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Problems of Yazidi farmers in Armenia

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Read: 1202     12:30     20 Май 2020    

Crisis phenomena are increasing in the agricultural sector of the Republic of Armenia, which today leads to the ruin of the migration of Yazidi farmers and the population from the country. The most acute problem is the unprofitability of small Yazidi farms, which do not have the means to buy seeds, fertilizers, plant protection products, agricultural machinery, and irrigation.

Many Yazidi villages are located in an arid zone where farming is impossible without irrigation. Some Yazidi villages have become empty due to the critical situation with water (including drinking water). For example, the village of Tlik historically received water from four natural springs, this water was used to water gardens and vegetable gardens, and to water livestock. However, due to the increasing dryness of the climate, the springs have dried up. For drinking and household needs, water began to be brought to the village, but it was not enough for full-fledged agricultural activities. As a result, only 7 out of 120 families remain in the village by 2020.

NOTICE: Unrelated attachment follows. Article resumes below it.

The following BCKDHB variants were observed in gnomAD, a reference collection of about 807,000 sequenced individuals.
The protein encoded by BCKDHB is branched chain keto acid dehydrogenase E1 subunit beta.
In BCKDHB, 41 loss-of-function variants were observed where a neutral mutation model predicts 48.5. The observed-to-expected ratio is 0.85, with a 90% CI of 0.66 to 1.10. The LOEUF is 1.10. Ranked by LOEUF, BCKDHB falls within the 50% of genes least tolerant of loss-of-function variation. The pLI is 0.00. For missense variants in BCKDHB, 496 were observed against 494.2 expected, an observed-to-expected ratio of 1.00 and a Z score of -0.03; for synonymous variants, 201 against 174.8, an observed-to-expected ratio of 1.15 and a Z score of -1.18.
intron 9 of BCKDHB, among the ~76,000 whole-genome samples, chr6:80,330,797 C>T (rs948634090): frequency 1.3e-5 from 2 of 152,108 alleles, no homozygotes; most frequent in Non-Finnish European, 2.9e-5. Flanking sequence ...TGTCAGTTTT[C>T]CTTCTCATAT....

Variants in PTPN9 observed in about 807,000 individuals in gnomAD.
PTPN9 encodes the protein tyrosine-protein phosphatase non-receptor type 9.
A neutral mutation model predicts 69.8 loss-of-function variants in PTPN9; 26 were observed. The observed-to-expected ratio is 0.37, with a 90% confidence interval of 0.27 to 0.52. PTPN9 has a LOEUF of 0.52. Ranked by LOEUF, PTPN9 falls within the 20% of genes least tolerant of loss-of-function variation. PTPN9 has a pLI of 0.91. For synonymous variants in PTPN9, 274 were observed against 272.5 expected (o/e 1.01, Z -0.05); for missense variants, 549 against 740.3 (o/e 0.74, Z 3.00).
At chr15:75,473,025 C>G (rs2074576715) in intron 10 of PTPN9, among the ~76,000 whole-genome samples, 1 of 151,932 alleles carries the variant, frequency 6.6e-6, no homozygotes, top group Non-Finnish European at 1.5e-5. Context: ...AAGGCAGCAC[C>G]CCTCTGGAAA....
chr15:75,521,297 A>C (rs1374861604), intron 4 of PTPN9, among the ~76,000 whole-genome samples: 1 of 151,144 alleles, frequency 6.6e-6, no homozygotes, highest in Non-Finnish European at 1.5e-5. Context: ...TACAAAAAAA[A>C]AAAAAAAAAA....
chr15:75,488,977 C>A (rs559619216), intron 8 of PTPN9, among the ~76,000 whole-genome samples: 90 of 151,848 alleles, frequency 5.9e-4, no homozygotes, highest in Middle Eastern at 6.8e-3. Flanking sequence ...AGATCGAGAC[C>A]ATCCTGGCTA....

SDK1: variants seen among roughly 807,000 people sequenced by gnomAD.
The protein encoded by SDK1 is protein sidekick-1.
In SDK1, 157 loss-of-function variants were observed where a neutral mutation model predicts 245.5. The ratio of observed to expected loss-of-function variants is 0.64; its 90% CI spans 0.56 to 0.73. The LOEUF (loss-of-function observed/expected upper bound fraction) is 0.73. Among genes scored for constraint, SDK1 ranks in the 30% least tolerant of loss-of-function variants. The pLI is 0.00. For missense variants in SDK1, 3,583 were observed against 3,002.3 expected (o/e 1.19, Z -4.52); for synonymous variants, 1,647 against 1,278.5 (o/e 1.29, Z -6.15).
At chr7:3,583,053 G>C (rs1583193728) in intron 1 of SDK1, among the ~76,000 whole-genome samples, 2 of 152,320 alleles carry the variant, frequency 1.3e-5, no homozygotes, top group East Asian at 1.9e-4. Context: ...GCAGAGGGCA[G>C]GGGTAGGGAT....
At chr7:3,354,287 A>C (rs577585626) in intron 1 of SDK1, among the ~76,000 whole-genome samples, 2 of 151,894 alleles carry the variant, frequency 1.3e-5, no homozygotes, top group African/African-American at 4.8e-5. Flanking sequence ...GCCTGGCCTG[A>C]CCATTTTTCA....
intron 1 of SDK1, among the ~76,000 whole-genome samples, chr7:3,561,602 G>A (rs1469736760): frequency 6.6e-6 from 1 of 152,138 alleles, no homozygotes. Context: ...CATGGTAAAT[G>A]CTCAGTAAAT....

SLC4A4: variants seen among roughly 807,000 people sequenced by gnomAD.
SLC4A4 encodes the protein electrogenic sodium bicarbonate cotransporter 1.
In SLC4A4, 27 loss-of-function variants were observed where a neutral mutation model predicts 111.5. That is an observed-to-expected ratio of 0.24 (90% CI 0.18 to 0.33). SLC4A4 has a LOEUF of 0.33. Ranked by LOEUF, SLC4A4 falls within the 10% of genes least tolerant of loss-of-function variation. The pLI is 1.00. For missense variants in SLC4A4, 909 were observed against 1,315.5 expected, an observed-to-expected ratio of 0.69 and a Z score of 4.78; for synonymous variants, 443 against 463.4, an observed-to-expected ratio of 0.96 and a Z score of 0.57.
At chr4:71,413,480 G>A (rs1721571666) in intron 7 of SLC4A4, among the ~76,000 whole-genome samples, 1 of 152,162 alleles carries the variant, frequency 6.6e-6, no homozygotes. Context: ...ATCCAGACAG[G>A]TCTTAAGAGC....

Even in those Yazidi villages where there are water sources nearby (rivers, springs, irrigation channels), there are problems with irrigation systems. The equipment of irrigation networks created in Soviet times is worn out, many of them have fallen into complete disrepair. Instead of modern high-efficiency irrigation systems, such as drip irrigation, Yazidi farmers use ditches dug in the ground to water their land. As a result, there is an unjustified loss of water, and many sections of the water simply does not reach.